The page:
Yet here was American Airlines being honest?
Suddenly, we were pushing back. The tech type next to me was still bleating into his phone.
No one came to admonish him. I tried to give him a sly glare.
He finally got off the call and began to furiously type into his phone. Perhaps these were his self-help notes, I've no idea.
And then we were in the air.
Wait, we were on time? It seemed like it.
After a few minutes, it was the pilot's turn to make an announcement:
There's normally a lot of planes lining up for takeoff, but when we got to the runway, there was no one there. So we took off. Looks like we'll be in Miami at least 30 minutes early.
This was beginning to feel like a parallel universe. I had descended into some weird time warp. Had I inadvertently inhaled some of that THC?
Now It Was Going To Be Ruined.
Oh, but then my seat-mate began to eat lunch. A vigorous eater of a carry-on salad, he was. And goodness did his elbow jab into my ribs with every jerk of his plastic knife.
Did he say sorry?
Did I mention he was a tech type?
This is where it would all go wrong. I felt sure that, once he'd finished his lunch, out would come the laptop and in would go his elbow to my ribs for the rest of the flight.
I was mostly right. His MacBook came out. What was surreal is that, unlike most self-important men I've sat next to on planes, his elbows stayed in.
Not once in the next several hours did he jab me again. It was almost as if, having satisfied an employee with platitudes and his hunger with a salad, he became fully sentient.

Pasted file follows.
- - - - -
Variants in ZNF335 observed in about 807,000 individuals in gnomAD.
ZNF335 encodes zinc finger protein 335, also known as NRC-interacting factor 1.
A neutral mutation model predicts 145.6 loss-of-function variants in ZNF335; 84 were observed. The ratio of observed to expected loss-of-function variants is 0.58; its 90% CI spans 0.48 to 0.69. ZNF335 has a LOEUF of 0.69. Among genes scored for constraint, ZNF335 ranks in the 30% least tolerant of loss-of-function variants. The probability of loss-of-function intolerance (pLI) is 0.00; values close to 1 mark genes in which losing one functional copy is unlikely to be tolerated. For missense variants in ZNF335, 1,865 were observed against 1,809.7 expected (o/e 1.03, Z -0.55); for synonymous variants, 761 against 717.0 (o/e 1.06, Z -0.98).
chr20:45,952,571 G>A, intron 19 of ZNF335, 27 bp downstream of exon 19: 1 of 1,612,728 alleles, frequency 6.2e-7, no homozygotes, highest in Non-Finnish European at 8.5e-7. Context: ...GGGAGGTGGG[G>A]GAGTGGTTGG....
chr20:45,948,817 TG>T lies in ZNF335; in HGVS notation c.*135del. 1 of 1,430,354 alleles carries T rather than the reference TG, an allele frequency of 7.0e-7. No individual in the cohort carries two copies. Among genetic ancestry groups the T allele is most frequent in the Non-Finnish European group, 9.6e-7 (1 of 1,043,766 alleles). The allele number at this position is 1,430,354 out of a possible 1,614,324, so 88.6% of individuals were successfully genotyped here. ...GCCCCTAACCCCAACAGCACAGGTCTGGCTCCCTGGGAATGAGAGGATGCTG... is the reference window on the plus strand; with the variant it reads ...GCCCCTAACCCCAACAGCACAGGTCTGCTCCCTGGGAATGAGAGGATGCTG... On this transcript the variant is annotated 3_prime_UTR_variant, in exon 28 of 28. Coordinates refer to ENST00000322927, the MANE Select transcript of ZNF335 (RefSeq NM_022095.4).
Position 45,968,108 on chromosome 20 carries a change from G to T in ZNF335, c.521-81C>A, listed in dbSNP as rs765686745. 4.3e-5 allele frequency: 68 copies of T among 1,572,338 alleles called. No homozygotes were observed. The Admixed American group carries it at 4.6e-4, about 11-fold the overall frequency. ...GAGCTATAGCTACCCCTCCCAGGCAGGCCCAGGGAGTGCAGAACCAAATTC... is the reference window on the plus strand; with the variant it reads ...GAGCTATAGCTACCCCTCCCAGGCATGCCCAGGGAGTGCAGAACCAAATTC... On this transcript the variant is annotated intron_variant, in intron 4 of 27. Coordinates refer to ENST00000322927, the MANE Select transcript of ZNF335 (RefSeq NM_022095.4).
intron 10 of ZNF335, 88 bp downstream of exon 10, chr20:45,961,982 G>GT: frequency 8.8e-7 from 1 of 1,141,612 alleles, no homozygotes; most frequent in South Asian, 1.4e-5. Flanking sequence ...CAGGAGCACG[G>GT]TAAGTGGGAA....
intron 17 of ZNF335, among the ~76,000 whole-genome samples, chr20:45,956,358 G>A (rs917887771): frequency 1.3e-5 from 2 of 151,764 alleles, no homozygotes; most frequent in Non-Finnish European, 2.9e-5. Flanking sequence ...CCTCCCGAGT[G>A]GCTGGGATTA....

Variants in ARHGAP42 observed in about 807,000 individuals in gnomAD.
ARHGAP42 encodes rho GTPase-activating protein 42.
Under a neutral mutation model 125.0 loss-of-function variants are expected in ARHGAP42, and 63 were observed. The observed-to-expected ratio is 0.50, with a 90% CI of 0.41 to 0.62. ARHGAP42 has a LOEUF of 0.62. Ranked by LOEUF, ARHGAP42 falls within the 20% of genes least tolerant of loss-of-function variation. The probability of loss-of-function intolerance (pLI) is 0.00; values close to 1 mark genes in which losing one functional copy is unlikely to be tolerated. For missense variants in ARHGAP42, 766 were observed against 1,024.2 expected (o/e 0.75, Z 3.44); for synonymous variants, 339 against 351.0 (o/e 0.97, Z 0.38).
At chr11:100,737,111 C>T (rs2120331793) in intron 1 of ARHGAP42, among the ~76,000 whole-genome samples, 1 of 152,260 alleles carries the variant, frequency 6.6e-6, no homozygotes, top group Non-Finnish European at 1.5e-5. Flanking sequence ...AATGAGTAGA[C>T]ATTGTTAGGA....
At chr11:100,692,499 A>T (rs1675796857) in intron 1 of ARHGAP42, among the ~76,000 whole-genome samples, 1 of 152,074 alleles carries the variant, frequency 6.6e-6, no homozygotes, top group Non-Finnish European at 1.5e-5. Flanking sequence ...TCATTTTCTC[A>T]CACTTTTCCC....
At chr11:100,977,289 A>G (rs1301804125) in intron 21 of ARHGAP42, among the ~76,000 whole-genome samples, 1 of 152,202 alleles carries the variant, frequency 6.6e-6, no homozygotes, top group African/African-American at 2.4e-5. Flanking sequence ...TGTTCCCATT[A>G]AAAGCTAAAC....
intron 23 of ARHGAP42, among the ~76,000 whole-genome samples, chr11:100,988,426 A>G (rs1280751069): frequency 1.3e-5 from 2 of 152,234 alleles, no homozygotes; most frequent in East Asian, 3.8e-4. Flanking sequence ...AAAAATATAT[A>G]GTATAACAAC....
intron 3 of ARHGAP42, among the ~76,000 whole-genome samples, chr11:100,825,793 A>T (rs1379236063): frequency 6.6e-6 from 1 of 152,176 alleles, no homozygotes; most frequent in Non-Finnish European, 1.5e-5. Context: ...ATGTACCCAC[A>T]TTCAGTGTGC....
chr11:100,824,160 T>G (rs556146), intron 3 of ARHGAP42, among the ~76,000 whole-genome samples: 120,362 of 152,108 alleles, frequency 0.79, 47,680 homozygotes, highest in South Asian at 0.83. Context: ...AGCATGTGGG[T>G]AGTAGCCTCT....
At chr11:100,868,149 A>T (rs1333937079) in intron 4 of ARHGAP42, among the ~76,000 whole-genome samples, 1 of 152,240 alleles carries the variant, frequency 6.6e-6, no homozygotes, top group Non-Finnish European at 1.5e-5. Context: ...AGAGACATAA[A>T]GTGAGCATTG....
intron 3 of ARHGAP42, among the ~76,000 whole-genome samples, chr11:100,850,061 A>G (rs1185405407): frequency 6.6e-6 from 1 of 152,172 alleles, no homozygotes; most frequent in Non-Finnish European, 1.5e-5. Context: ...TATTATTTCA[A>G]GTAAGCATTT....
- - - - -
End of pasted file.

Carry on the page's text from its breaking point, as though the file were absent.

Meanwhile, the cabin service was efficient, if not effusive. Just like the biscotti-type things they handed out.
The Flight Attendants performed their duties and then disappeared.
I leaned into my slightly dreary Canadian detective novel -- I refuse to work on planes, save in an emergency -- stretched my legs right out and wallowed in a peculiar calm.
American Airlines Really Let Me Down.
We didn't have to divert to Albuquerque because of an engine problem.
A Flight Attendant didn't challenge a passenger to a fight.
My seatmate had excellent noise-canceling headphones, the sort that truly are silent.
A baby trying crying a couple of times and then realized that so much attention-seeking just wasn't going to work.
Even the bathrooms were remarkably spacious, especially when compared with American's brand new, reduced Porta-Potties.
The whole thing was eerily tolerable, verging on the pleasant. It was like a blind date that involved easy conversation and even a kiss at the end.
We were at the gate almost an hour ahead of schedule.
This was as close to perfect as I could have conceived.
Even my bag came out quickly, which anyone who's ever flown into Miami knows is a bizarre event.
I walked away, talking to myself. I try to do it quietly.
I only had one thought: American Airlines, you really let me down. I could find nothing to complain about, because it felt like flying from a few years ago.
The pilots couldn't even muster any turbulence.
How lovely it is when nothing goes wrong with a flight. And how relatively rare that seems to be these days, especially if you're flying in the back.
When the airline, the staff and the passengers all conspire to make it a pleasant experience, flying can be genuinely relaxing.
If only these three could conspire to make it happen more often.